Respect the Sketchbook

I carried my sketchbook everywhere with me in high school (still do), and sometimes something happened that I found a little confusing. I’d get distracted by a conversation during lunch hour or class, and set my sketchbook down. Before I knew it, someone was flipping through it. Usually it was someone I wanted to remain friends with, so I learned not to get too upset. Mostly.

I can’t say what the people flipping through my drawings were thinking, since I’m not them and can only guess, but I can explain a bit about what a sketchbook is for the artist. For me, anyways, but I don’t think I’m in the minority.

 In some ways it’s a journal.  It’s a place to work out whatever I’m thinking about during the day.  I doodle out the interesting things and people I see in my sketchbook during the day, draw whatever strange creatures I had dreams about recently, and use it as a way of relaxing when life gets too complicated.  A journal isn’t meant to be perfect.  Neither is a sketchbook.  The things I draw are affected by what I think and feel at the time, and nothing is meant to be a finished product.  So on days when I don’t feel like my art is going that well, having someone unexpectedly flipping through it is a bit like having them dig through my laundry bin.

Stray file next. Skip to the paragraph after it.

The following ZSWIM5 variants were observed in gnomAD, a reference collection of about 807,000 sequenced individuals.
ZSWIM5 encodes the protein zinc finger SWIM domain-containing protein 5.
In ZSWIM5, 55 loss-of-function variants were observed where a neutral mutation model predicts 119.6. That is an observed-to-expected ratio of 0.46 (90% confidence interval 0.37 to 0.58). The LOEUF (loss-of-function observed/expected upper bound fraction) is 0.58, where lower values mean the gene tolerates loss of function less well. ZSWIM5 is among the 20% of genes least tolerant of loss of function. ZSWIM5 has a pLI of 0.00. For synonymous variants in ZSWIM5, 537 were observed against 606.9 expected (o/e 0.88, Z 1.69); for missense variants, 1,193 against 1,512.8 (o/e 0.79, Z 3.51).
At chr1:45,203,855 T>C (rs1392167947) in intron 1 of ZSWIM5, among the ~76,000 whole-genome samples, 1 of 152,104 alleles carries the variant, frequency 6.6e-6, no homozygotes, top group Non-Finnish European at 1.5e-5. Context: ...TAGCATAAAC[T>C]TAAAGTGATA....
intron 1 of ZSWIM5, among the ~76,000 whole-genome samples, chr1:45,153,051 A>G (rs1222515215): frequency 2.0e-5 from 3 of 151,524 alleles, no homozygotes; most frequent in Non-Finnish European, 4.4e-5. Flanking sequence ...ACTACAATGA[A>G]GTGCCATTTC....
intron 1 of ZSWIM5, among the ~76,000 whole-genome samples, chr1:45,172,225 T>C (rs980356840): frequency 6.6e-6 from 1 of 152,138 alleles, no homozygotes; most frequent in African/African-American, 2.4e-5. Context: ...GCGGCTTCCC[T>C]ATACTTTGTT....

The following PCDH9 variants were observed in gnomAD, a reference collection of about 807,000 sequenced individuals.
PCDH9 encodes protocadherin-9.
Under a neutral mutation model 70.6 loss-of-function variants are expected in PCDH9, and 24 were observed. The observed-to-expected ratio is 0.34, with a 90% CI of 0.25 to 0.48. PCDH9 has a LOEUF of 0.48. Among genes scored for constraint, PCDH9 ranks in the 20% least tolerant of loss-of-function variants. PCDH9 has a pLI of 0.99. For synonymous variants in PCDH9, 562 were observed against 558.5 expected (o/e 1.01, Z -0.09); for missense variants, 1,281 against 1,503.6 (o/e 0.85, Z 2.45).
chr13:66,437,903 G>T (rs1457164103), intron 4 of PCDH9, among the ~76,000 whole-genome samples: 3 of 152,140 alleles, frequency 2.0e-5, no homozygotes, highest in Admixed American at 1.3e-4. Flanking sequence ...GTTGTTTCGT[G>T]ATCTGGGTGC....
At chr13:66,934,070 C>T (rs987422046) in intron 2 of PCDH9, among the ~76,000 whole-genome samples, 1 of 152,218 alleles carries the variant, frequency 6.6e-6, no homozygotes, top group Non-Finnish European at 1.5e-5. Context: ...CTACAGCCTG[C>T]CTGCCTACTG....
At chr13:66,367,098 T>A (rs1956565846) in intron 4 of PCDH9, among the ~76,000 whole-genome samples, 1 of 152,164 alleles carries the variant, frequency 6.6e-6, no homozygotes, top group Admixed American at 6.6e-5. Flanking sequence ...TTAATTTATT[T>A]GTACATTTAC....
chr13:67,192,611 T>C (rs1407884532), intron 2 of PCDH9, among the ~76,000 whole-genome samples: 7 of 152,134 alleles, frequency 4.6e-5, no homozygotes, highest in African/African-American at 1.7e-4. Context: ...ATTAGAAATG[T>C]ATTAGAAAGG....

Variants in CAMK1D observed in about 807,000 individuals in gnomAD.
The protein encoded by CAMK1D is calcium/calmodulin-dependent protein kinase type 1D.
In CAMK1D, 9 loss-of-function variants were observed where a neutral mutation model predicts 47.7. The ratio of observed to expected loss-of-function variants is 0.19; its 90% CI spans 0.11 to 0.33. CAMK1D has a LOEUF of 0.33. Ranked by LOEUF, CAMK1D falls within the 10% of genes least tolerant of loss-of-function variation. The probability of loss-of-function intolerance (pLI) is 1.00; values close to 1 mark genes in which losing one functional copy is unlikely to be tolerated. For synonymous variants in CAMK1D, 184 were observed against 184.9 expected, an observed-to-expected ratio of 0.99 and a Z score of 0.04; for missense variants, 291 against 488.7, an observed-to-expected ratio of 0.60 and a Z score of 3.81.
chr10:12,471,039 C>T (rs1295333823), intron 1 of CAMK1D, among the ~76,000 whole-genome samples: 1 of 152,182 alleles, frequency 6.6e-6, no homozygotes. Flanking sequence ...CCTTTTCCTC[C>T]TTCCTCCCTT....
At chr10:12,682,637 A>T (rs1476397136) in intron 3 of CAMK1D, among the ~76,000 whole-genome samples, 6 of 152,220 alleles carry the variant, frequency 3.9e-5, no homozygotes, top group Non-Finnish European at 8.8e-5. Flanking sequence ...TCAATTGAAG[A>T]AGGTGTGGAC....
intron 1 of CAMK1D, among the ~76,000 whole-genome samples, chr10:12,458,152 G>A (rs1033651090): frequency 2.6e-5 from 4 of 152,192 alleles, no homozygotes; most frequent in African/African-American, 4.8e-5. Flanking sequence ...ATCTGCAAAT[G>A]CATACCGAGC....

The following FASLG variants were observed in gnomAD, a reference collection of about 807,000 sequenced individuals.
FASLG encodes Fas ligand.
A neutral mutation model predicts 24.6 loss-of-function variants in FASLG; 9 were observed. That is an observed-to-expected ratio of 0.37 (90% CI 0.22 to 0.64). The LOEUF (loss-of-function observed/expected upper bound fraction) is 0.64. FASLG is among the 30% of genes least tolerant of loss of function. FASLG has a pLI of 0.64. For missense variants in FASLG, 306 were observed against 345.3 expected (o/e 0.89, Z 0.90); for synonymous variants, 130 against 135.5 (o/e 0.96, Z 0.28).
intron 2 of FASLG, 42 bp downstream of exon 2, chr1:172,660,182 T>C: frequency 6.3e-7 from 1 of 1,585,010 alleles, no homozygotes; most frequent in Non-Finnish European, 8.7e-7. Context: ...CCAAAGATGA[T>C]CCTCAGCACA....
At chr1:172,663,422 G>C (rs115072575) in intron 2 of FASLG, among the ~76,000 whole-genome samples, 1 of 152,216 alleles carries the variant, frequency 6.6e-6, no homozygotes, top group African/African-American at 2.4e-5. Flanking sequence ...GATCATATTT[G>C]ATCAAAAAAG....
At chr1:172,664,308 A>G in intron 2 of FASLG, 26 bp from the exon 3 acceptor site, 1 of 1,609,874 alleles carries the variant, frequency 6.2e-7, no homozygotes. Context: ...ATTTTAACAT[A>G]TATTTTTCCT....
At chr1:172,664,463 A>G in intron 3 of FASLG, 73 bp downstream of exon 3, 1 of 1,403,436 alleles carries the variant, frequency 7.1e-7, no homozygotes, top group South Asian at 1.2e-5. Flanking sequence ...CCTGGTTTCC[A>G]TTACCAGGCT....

Of course, as an art student, I normally have teachers looking through my sketchbooks, but that’s different.  I go to art classes so my teachers can help me get better.  Letting them see all of my drawing process is part of that.  And they don’t stand right in front of me when they look through it.

Of course, since I’ve been working to maintain my friendships with those folks who don’t quite understand the importance of a sketchbook, I’ve gotten to be okay with people touching my sketchbook.  Not every artist has, though.  So next time you want to see someone’s artwork, ask first.

I’m attaching an image of a recent sketchbook page of mine, in all its messy glory.  The words are notes from church.  Images copyright Dragon Harris.  


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